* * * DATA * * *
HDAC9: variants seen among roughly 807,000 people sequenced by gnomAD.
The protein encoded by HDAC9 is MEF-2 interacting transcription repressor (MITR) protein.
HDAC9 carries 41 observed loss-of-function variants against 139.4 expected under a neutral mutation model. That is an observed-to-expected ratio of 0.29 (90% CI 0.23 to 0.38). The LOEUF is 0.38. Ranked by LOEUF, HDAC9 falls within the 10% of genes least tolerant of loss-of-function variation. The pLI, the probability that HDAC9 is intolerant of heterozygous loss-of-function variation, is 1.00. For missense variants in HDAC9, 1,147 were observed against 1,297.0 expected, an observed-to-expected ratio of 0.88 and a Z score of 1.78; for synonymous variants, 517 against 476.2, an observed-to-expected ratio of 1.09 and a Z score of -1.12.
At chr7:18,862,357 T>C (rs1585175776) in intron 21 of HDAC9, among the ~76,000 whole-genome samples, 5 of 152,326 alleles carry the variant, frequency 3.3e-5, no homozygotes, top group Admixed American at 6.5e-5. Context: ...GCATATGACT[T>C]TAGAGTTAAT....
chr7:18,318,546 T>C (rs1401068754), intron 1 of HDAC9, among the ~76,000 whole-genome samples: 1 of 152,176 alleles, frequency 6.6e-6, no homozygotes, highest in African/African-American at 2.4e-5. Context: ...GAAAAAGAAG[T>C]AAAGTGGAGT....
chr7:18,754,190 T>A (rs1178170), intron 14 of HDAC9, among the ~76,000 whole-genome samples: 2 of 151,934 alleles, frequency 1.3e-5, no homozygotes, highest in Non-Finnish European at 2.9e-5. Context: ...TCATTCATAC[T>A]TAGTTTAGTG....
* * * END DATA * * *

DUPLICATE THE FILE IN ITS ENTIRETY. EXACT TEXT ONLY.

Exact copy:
HDAC9: variants seen among roughly 807,000 people sequenced by gnomAD.
The protein encoded by HDAC9 is MEF-2 interacting transcription repressor (MITR) protein.
HDAC9 carries 41 observed loss-of-function variants against 139.4 expected under a neutral mutation model. That is an observed-to-expected ratio of 0.29 (90% CI 0.23 to 0.38). The LOEUF is 0.38. Ranked by LOEUF, HDAC9 falls within the 10% of genes least tolerant of loss-of-function variation. The pLI, the probability that HDAC9 is intolerant of heterozygous loss-of-function variation, is 1.00. For missense variants in HDAC9, 1,147 were observed against 1,297.0 expected, an observed-to-expected ratio of 0.88 and a Z score of 1.78; for synonymous variants, 517 against 476.2, an observed-to-expected ratio of 1.09 and a Z score of -1.12.
At chr7:18,862,357 T>C (rs1585175776) in intron 21 of HDAC9, among the ~76,000 whole-genome samples, 5 of 152,326 alleles carry the variant, frequency 3.3e-5, no homozygotes, top group Admixed American at 6.5e-5. Context: ...GCATATGACT[T>C]TAGAGTTAAT....
chr7:18,318,546 T>C (rs1401068754), intron 1 of HDAC9, among the ~76,000 whole-genome samples: 1 of 152,176 alleles, frequency 6.6e-6, no homozygotes, highest in African/African-American at 2.4e-5. Context: ...GAAAAAGAAG[T>C]AAAGTGGAGT....
chr7:18,754,190 T>A (rs1178170), intron 14 of HDAC9, among the ~76,000 whole-genome samples: 2 of 151,934 alleles, frequency 1.3e-5, no homozygotes, highest in Non-Finnish European at 2.9e-5. Context: ...TCATTCATAC[T>A]TAGTTTAGTG....